c) emotional clearing and mental stillness has thus led to the state we term presence, peak experience, samadhi, satori, the high plateau experience, realisation. The individual experiences an ability to remain “present” removed from the trappings of the mind and emotion, the rest are mired in. The individual no longer seeks external achievement, ambition, accumulation, as the individual already feels completed. A felt sense of connection with nature becomes evident. Social justice is know not as a mere intellectual concept which cannot as yet be actualised, and instead becomes a facet of the individuals consciousness.
    Naturally humanity’s journey along this continuum will bring about changes in divisions on the political landscape with greater ability to cooperate, environmentalism will be less around fear of climate change and more around a relationship with the land and all that’s living. Even national identity is dissolved, a presence connecting all surpassing all previous hurts and divisions. This is the journey our best sciences are describing, the journey of the evolution of the human being, the evolution into awareness of life itself, an understanding of the soul in the religious terminology, a non-intellectual grasp of the soul’s experiential connection with spirit. hearing such a description, the individual without such awareness will struggle to dismiss, ridicule or misinterpret, and yet this awareness alone will result in reestablishing social justice and ecological sensitivity. I’m not saying I have this awareness. I’m saying I’ve done the work to listen, be educated out of my ignorance and learn personal responsibility to undertake the journey of healing.

  10. Ed 3 years ago

    A gigafactory in Aust. would be great, but perhaps an Australian company like Redflow could produce locally as well with the necessary support/investment. John Hewson’s recent comments about green bonds and providing a vehicle for super funds and internationals to in invest in Australian green tech and infrastructure were spot on. Perhaps this could translate to manufacturing as well. http://www.theage.com.au/comment/its-time-to-lead-on-renewables-20161110-gsm6fz.html

  11. john 3 years ago

    Just as a comment on battery storage implimentation.
    I have just finished a study and using very realistic figures for output of the PV system and the number of days used for a small business situation that will require a 30 kW system and 3 PW 2 batteries 355 days a year after 10 years the bottom line over those years the bill for energy would be $12,000 the net outcome would be $21,000 in front of the capital cost in fact the whole project is paid for in the 7th year.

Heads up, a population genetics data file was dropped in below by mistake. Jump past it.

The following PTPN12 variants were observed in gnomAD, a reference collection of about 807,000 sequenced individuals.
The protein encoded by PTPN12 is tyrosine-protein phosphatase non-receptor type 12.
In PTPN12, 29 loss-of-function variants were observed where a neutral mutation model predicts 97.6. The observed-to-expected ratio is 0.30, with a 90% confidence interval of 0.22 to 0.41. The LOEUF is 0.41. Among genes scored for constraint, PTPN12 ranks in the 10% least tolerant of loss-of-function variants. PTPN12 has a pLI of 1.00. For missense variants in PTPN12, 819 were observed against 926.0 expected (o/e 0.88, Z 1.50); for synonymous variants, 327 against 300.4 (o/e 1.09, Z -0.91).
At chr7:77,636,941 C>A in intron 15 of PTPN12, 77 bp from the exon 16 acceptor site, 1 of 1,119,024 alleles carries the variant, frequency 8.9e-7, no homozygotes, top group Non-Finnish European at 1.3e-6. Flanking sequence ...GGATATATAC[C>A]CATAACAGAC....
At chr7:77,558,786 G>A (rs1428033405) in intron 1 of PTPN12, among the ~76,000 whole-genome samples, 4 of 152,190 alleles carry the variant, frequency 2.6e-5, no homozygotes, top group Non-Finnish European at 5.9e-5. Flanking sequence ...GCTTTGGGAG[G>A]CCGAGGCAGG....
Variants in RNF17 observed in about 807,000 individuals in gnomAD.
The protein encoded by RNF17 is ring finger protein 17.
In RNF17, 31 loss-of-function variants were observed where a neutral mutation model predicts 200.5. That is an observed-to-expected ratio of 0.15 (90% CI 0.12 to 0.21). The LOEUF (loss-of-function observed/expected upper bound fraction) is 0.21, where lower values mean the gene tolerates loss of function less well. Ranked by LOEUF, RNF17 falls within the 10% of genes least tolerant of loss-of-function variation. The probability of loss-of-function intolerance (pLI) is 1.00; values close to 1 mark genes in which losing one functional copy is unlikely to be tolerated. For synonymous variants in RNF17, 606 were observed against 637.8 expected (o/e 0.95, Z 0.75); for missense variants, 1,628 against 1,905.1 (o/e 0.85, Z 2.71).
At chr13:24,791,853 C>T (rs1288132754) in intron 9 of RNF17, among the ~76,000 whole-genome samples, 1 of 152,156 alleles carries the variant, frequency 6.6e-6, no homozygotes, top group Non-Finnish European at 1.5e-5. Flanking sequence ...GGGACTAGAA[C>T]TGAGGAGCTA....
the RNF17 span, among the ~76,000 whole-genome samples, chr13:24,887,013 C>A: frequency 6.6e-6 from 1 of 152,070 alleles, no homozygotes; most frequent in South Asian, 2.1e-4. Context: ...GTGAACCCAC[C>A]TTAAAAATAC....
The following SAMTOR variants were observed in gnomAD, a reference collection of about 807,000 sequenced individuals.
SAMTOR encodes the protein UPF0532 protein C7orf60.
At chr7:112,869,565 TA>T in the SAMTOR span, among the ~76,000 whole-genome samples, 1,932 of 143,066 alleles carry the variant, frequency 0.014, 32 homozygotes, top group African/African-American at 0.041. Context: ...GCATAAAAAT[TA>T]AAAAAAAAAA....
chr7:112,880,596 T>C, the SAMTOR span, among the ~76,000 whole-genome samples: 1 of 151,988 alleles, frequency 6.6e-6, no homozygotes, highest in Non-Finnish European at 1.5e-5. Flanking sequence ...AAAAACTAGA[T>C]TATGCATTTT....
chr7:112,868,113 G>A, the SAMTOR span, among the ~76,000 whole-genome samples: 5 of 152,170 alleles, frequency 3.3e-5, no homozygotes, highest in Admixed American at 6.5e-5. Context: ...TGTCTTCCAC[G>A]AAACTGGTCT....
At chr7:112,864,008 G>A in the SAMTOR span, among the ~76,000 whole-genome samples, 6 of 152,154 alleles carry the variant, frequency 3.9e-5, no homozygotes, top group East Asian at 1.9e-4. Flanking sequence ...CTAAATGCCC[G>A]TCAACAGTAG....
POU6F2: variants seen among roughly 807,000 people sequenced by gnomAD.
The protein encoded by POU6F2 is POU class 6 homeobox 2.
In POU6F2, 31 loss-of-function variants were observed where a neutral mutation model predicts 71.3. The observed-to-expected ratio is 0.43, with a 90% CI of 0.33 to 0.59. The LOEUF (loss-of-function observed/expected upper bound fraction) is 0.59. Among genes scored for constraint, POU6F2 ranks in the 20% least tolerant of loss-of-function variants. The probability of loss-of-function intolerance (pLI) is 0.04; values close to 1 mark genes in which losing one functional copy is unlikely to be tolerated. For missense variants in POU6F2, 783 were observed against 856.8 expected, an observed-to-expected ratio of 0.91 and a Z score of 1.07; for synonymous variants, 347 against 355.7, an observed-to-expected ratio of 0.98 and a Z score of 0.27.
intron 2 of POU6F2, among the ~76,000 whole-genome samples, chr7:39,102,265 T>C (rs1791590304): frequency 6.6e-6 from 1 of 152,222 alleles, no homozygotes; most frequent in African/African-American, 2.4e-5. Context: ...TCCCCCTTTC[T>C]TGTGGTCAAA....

So yes battery take up is going to happen especially in the larger energy energy user area.
    As to the home owner situation unless they are very larger users over 50 kWh per day not so brilliant.

  12. Kenshō 3 years ago

    Request: Public Apology from Richard Di Natale.

    Based upon the email circulated from Richard Di Natale which I’ve provided in my posts below, and having thought about it carefully, in my view Richard owes the people of America and Australia, who voted for Trump and Hanson respectively – an apology as a result of these statements:

    “An American President has been elected on a platform of racism, xenophobia, sexism and nationalism… What this result demonstrates, more than anything, is the need for a voice of reason in a post-Brexit, post-Hanson and post-Trump world.”

    No Richard, voters chose candidates to represent their needs for jobs etc and structural oppression to be addressed. As this quote from the IMF describes, these communities have real needs:

    “if the income share of the top 20% (the rich) increases, then GDP growth actually declines over the medium term, suggesting that the benefits do not trickle down. In contrast, an increase in the income share of the bottom 20% (the poor) is associated with higher GDP growth. The poor and the middle class matter the most for growth”.
    https://www.theguardian.com/us-news/2016/nov/12/first-brexit-then-trump-can-australia-be-spared-a-similar-voter-backlash

  13. Analitik 3 years ago

    Doesn’t anyone else see that the projection improvement of Li batteries has basically flattened out according to the first Deutsche graph?

    Sodium metal halide seems to have more scope for improvement